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Diagnosis, narrative identity, and asymptomatic disease


An increasing number of patients receive diagnoses of disease without having any symptoms. These include diseases detected through screening programs, as incidental findings from unrelated investigations, or via routine checks of various biological variables like blood pressure or cholesterol. In this article, we draw on narrative identity theory to examine how the process of making sense of being diagnosed with asymptomatic disease can trigger certain overlooked forms of harm for patients. We show that the experience of asymptomatic disease can involve ‘mismatches’ between one’s beliefs about one’s health status on the one hand, and bodily sensations or past experience on the other. Patients’ attempts to integrate these diagnoses into their self-narratives often involve either forming inaccurate beliefs about bodily sensations and/or past experience, or coming to believe that feelings and experience do not necessarily track or predict health status, leading to an ongoing sense of vulnerability to ill health. These resulting alterations in self-understanding can sometimes be considered harmful, in view of their implications for ascriptions of responsibility and ongoing anxiety.

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  1. 1.

    The distinction has been in use since the 1950s, such as in the work of Parsons [1, p. 651].

  2. 2.

    Some studies indicate that these outcomes can result from the receipt of the medical label itself, rather than the illness associated with it [6, 7]. Our discussion is consistent with these psychological findings but provides a way to understand the experience qualitatively.

  3. 3.

    There have also been several studies that evaluated whether diagnoses of cancer from screening detection are more distressing than other diagnoses, using psychological assessment measures, though these have conflicting results [20, p. 789].

  4. 4.

    While we focus on qualitative studies here, we note that psychological studies indicate that a false positive diagnosis is associated with measurable increases in anxiety and decreases in calmness (see [22, p. 793; 6]).

  5. 5.

    Being diagnosed at risk can, however, be interpreted and treated similarly to being diagnosed with a disease, by both doctors and patients [24,25,26].

  6. 6.

    This feature of narrative is connected to its use in resisting what some have argued is a homogenising tendency of diagnosis, and medical understanding of patients more generally [e.g., 33, 34]. As the purpose of this article is not to resist homogenisation but to begin to better understand this kind of experience, this is not a specific issue for us, though we recognise that the generalisations we draw in the fourth section of this article will not apply to everyone.

  7. 7.

    See also Hacking [36]. In Hacking’s terminology this is a ‘looping effect’—a consequence of our practices of categorising or ‘making up’ people.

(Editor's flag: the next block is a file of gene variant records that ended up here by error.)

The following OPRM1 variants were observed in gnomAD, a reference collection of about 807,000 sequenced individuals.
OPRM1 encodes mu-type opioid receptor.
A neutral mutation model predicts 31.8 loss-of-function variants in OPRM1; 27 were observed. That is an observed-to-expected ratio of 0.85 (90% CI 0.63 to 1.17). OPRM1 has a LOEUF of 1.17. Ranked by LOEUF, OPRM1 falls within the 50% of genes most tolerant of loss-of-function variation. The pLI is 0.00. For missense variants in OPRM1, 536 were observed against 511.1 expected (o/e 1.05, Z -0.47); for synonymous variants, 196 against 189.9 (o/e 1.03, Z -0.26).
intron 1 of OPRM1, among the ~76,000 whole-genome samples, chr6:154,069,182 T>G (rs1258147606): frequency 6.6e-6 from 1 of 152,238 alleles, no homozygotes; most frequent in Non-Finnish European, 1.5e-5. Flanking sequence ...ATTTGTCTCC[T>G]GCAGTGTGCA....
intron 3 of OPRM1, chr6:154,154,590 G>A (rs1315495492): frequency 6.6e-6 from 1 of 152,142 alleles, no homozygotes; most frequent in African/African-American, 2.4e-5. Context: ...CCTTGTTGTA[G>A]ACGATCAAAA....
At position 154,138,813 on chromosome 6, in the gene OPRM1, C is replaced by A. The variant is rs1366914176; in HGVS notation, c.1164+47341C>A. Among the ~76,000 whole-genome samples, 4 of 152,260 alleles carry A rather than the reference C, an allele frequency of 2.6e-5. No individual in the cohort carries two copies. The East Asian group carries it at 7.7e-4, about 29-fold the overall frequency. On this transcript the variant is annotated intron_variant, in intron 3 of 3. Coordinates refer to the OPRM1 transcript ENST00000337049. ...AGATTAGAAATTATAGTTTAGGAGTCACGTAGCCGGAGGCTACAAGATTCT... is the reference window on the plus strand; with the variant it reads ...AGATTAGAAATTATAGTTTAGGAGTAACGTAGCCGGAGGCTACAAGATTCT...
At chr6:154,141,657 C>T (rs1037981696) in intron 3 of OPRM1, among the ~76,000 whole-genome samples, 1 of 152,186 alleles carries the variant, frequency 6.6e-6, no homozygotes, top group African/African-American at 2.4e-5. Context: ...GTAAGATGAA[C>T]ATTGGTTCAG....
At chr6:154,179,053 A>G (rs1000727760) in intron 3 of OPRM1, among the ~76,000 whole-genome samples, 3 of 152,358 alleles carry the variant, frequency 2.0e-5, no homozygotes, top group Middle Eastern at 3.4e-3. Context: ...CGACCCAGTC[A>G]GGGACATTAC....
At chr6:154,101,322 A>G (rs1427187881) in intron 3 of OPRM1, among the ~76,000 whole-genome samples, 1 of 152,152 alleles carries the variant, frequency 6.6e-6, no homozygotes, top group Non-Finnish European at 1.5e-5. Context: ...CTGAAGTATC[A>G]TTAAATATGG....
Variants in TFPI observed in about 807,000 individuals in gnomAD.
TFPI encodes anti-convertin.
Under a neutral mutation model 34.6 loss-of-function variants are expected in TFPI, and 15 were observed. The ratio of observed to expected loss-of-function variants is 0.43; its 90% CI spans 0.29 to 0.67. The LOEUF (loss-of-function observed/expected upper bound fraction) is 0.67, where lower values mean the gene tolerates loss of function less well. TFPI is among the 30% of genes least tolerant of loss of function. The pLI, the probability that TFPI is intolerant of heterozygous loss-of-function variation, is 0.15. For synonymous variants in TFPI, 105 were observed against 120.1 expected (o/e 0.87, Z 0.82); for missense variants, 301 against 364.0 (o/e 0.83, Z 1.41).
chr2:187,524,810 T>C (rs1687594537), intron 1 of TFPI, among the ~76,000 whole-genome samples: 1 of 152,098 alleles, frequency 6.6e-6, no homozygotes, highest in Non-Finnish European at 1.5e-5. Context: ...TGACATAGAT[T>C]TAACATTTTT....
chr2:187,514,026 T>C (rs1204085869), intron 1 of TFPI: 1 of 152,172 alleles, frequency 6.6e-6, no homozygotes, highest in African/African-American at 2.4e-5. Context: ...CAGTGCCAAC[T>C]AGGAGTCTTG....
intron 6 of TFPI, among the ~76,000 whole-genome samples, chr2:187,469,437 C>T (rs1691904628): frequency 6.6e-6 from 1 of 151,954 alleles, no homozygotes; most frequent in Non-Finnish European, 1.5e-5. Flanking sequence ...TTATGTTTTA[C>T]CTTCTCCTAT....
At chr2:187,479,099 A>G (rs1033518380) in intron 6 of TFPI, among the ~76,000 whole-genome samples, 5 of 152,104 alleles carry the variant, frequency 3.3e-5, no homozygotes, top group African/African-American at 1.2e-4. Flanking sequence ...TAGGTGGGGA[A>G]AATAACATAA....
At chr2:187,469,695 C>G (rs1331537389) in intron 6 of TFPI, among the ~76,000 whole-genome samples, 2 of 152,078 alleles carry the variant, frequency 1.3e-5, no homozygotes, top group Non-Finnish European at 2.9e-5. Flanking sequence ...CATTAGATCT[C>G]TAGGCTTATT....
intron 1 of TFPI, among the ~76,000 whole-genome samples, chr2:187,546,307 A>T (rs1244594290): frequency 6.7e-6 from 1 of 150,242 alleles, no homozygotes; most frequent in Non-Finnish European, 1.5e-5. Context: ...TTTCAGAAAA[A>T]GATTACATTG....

8. 8.

    Some similar points can be made about a diagnosis of disease where there is illness, of course, especially where the symptoms experienced are minimal or sudden; in the cases we focus on, the discontinuity would be even sharper. See [40] for a discussion of this idea in the literature on the experience of illness.

  9. 9.

    As noted above, this second mismatch may also occur with symptomatic diseases, and people’s responses to it might also follow the strategies we describe here. We think the drive to explain the occurrence of disease may be stronger in cases where there are symptoms, because an absence of symptoms leaves the diagnosis more in need of explanation: the lack of symptoms can make the transition to thinking of oneself as unwell, and finding a way to identify oneself as such, more difficult.

  10. 10.

    It is worth noting that changing the subjective quality of experience in the general ways described at the start of the fourth section above could be considered a harm, if, for example, the alterations increase distress. Changing the subjective quality of experience in such a way might also be considered a matter of social concern if it is widespread, with regard to the way it changes power structures in relation to medicalisation more generally, for instance (see, e.g., [41]). As these claims seem to require further argument, however, we mention them in order to leave them aside.

  11. 11.

    Some of the trends described in the first section above are likely to encourage patients to respond to such diagnoses in this first way, and not the second. The implication of diagnoses made with preventive aims is that patients can influence future disease progression, but this is not the case for some or many patients or diseases. When disease occurs, patients will be more likely to narratively integrate the contingency in a way reflecting this belief about control, rather than regarding it as a contingency.


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Correspondence to Mary Jean Walker.

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Walker, M.J., Rogers, W.A. Diagnosis, narrative identity, and asymptomatic disease. Theor Med Bioeth 38, 307–321 (2017).

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  • Diagnosis
  • Narrative
  • Personal identity
  • Disease
  • Illness
  • Labelling
  • Overdiagnosis